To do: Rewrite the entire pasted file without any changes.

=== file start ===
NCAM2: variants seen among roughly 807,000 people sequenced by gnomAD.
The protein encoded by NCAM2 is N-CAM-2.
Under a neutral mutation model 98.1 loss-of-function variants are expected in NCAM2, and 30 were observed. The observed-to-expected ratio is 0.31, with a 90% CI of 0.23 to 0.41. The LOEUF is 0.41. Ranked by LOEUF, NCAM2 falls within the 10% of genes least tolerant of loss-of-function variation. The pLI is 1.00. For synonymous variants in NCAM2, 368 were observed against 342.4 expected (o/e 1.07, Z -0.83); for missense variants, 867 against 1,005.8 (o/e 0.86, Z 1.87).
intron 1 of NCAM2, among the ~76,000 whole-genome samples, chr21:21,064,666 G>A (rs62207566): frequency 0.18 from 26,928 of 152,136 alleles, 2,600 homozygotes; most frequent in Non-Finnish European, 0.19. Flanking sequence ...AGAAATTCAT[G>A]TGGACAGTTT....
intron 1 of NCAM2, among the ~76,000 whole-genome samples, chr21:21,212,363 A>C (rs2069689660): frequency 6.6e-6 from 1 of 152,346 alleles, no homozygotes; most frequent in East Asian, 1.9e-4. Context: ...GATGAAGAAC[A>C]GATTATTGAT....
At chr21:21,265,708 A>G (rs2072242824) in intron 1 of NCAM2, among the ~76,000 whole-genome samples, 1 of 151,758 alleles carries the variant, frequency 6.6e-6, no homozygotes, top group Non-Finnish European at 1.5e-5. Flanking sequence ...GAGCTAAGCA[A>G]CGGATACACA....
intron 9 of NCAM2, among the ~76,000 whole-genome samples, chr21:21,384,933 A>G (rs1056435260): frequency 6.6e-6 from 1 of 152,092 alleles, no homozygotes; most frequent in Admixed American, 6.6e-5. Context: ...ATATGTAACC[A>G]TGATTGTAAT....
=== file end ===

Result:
NCAM2: variants seen among roughly 807,000 people sequenced by gnomAD.
The protein encoded by NCAM2 is N-CAM-2.
Under a neutral mutation model 98.1 loss-of-function variants are expected in NCAM2, and 30 were observed. The observed-to-expected ratio is 0.31, with a 90% CI of 0.23 to 0.41. The LOEUF is 0.41. Ranked by LOEUF, NCAM2 falls within the 10% of genes least tolerant of loss-of-function variation. The pLI is 1.00. For synonymous variants in NCAM2, 368 were observed against 342.4 expected (o/e 1.07, Z -0.83); for missense variants, 867 against 1,005.8 (o/e 0.86, Z 1.87).
intron 1 of NCAM2, among the ~76,000 whole-genome samples, chr21:21,064,666 G>A (rs62207566): frequency 0.18 from 26,928 of 152,136 alleles, 2,600 homozygotes; most frequent in Non-Finnish European, 0.19. Flanking sequence ...AGAAATTCAT[G>A]TGGACAGTTT....
intron 1 of NCAM2, among the ~76,000 whole-genome samples, chr21:21,212,363 A>C (rs2069689660): frequency 6.6e-6 from 1 of 152,346 alleles, no homozygotes; most frequent in East Asian, 1.9e-4. Context: ...GATGAAGAAC[A>C]GATTATTGAT....
At chr21:21,265,708 A>G (rs2072242824) in intron 1 of NCAM2, among the ~76,000 whole-genome samples, 1 of 151,758 alleles carries the variant, frequency 6.6e-6, no homozygotes, top group Non-Finnish European at 1.5e-5. Flanking sequence ...GAGCTAAGCA[A>G]CGGATACACA....
intron 9 of NCAM2, among the ~76,000 whole-genome samples, chr21:21,384,933 A>G (rs1056435260): frequency 6.6e-6 from 1 of 152,092 alleles, no homozygotes; most frequent in Admixed American, 6.6e-5. Context: ...ATATGTAACC[A>G]TGATTGTAAT....